This is part two in a two part series co-authored by David Edmonson, Executive Director of Austin Tech Alliance, and Robert Friedman, Executive Director of Permanent Legacy Foundation and formerly with Mozilla. Find part one here.

Last week, we introduced you to the concept of digital inclusion and the fact that tens of thousands of Austin residents are completely disconnected from the internet. Because technology is evolving daily, Austin recognized the need for strategic direction to keep up with the changing needs of the city’s residents.

For example, City Council developed a Digital Inclusion Strategic Plan, which served to capture community priorities for digital equity. The City of Austin’s Digital Inclusion Office has also maintained a baseline understanding of the status of local residents’ digital literacy and Internet adoption through a citywide survey conducted once every three years. Taking factors such as ethnicity, geography, and income into account has helped the city identify gaps and fill them with necessary skills, access, and training.

Based on survey insights, along with feedback from the education, public health, business, and nonprofit sector, the Strategic Plan maps out access and adoption strategies as well as specific initiatives that need to be undertaken.

Through the Digital Inclusion Office, the city is taking action in response to the findings from the citywide survey by developing programs like a computer refurbishment program, currently in its pilot phase, which will aim to connect computers and devices with nonprofits that will use them for digital inclusion purposes.

Other initiatives include:

  • The Digital Empowerment Community of Austin (DECA), a network of dozens of nonprofits, educational institutions, and other stakeholders, working to improve the community’s ability to participate in digital society. They keep up with nonprofits that work on digital equity, remain up to date with their needs, and organize community efforts.
  • Recognizing that lower-income households have had less access to internet connectivity, one of the city’s hallmark projects, Unlocking the Connection, has sought to redress economic disparities within the broadband gap. It has distributed free, basic internet access to around 1,800 residential public housing units through its partnership with Google Fiber.
  • Backed by the city’s Grant for Technology Opportunities Program (GTOPs), the Digital Inclusion Office funds training programs for a range of local organizations, keeping a particular eye on fostering digital inclusion in underserved communities.

But are we doing enough? For the 2018 GTOPs grant cycle, with no marketing budget, the program received a total of $611,081 in worthy grant proposals with only $200,000 available to divvy up. A 200 percent program funding deficit of $411,081 serves as a compelling indicator that we’re not.

Getting Involved

For the expert technologist or passionate problem-solver, there are several opportunities in Austin to help with digital literacy engagement.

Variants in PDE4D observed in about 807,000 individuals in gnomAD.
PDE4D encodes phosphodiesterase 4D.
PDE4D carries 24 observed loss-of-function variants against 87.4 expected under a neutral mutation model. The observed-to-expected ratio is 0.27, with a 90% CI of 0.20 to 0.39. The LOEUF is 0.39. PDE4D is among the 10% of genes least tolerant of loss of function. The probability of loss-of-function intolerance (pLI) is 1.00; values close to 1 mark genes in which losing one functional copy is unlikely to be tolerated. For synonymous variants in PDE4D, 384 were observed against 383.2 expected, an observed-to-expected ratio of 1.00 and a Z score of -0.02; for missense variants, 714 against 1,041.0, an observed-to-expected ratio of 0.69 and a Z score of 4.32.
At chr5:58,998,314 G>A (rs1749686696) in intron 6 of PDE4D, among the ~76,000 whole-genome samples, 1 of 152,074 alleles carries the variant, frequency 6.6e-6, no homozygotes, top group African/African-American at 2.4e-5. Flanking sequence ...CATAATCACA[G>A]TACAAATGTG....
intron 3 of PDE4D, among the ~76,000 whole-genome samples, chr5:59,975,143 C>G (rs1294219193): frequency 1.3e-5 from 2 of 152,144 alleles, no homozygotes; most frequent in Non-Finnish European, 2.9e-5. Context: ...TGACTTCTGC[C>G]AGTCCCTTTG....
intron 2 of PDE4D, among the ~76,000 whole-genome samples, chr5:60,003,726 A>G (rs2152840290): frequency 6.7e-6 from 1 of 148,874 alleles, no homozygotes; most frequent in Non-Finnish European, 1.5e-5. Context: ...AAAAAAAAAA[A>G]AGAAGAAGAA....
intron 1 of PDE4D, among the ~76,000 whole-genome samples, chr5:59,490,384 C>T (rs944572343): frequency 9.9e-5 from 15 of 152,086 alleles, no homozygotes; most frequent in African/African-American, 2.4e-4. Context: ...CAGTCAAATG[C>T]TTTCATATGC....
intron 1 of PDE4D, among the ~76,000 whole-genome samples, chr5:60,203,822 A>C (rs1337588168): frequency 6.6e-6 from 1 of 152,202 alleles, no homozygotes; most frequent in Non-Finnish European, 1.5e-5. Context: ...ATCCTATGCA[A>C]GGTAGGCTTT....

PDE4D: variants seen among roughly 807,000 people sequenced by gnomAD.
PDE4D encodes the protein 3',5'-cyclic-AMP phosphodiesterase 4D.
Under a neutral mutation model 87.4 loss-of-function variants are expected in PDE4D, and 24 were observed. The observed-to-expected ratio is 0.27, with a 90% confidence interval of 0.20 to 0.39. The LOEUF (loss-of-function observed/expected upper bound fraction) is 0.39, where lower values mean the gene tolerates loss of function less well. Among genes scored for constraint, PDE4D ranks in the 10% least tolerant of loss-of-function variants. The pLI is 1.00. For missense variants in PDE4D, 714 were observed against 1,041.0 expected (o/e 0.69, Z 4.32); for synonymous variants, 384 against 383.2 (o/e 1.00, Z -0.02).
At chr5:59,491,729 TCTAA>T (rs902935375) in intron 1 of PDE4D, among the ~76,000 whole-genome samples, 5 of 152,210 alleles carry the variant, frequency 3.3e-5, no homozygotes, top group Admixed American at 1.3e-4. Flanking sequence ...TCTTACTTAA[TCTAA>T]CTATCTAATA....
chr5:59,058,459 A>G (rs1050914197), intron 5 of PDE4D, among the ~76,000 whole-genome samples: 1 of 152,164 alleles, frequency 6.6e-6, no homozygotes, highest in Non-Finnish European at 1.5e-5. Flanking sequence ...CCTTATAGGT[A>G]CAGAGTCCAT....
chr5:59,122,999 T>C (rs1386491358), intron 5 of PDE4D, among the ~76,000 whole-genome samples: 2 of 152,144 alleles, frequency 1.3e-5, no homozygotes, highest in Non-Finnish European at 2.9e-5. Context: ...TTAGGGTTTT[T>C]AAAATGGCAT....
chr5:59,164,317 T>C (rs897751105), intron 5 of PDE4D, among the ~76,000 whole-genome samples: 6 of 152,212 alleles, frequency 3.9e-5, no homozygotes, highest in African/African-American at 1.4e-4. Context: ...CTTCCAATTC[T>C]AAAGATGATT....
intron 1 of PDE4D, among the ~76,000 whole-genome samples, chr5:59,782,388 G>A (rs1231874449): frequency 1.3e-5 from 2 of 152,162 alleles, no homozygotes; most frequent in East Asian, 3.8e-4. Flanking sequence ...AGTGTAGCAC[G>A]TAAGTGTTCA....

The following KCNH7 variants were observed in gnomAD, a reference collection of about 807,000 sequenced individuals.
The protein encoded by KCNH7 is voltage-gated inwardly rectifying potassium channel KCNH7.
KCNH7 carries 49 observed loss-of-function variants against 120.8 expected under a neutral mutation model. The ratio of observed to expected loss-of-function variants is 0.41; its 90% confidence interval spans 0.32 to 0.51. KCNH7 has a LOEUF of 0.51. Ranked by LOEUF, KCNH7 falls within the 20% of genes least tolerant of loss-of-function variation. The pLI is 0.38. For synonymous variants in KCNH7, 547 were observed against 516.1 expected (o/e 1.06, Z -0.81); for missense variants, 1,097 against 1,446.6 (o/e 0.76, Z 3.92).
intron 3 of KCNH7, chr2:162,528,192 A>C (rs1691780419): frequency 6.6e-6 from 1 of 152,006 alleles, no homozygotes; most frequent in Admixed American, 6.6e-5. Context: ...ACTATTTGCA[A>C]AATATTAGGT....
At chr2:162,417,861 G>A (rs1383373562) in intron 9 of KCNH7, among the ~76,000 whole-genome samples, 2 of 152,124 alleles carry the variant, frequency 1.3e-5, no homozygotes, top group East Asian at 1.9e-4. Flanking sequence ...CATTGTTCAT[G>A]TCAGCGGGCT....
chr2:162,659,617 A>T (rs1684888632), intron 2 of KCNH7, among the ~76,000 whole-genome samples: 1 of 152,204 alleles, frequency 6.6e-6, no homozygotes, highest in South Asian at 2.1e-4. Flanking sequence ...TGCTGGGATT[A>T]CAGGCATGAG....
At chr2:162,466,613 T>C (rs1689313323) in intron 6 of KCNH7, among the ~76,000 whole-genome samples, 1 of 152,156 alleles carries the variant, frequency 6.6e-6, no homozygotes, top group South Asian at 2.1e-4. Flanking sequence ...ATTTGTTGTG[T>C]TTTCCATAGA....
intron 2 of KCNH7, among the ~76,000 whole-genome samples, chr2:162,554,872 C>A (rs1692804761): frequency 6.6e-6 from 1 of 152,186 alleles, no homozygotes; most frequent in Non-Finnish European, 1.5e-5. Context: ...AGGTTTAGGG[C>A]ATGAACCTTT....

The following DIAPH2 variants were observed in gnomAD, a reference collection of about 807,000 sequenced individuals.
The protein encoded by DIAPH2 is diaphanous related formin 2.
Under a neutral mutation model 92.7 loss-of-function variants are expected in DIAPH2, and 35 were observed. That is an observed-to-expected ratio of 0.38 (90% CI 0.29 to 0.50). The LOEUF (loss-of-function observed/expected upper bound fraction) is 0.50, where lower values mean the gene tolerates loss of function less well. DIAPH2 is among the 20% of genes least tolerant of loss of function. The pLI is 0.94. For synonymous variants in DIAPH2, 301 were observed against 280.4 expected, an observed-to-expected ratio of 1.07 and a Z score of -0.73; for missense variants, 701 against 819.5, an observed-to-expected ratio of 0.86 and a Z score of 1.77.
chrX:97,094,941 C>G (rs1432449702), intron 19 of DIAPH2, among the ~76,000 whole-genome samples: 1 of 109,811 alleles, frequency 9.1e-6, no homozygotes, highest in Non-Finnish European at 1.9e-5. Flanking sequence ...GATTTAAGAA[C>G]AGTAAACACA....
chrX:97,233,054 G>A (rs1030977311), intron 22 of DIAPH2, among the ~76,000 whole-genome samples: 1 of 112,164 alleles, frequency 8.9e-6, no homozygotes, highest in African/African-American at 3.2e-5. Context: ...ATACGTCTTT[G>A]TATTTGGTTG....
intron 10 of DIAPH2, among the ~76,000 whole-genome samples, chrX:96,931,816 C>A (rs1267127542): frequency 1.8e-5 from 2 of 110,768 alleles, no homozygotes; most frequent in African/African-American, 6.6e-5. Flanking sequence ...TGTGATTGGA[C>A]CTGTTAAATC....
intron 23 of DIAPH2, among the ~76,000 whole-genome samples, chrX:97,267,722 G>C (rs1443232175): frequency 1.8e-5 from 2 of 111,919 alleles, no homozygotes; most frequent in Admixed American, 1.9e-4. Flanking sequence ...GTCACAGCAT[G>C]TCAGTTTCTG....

Lunch & Learn

Beginning in 2018, Austin Tech Alliance is offering member companies a speaker series of lunch-and-learns about the digital divide. The goal is to help tech employees learn about the nature of the digital divide in Austin, hear directly from service providers working in that space, and understand how they can use their unique skill set to get involved.

Half the battle with bringing digital inclusion efforts to life involves connecting with others and building relationships within the community. Whether it be in the physical or digital space, garnering an increasingly connected community brings more opportunities for local residents.

Become a Volunteer

Community organizations that provide digital literacy training rely on volunteer trainers. Volunteers include Austinites pursuing technology-related degrees or certifications, retirees looking to give back, and tech employees excited to bring their skills to bear for the larger community. Bottom line, they need a desire and ability to help others learn how to use technology and the internet.

For instance, you can volunteer at public access computer labs or help with hardware refurbishment. If you love programming, you can mentor young people who want to learn how to code.

Whether you are a student or a working adult who is interested in digital literacy, you have the potential to advance digital equity through volunteerism. Digital inclusion only grows faster when members of our community step up to help.

Build and Collaborate

Oftentimes, individuals have awesome ideas for a potential app, but they lack the technological know-how to develop it — or they might need help putting up a website or launching a social media fundraising campaign.

There are organizations in town looking to help. Open Austin is a group of volunteer programmers and hackers that use design, technology, and open data to improve the quality of local residents’ lives. Likewise, ATX Hack For Change, a three-day civic hackathon, carves out space for active civic engagement and positive change by empowering the community to seek solutions for challenges facing Austin.

Wrapping up

Austin has the knowledge, creativity, and resources to address our digital divide.

This issue matters. As the city’s Digital Inclusion Strategic Plan states, “[i]t is critical that every one of our residents has access to digital and communications technology and understands technology and its relevance to their daily lives, whether for helping with their kids’ homework, or looking for jobs, getting access to health information, or accessing online government information.”

It’s up the broader community, including Austin’s tech sector, to acknowledge this challenge and step up to make real change.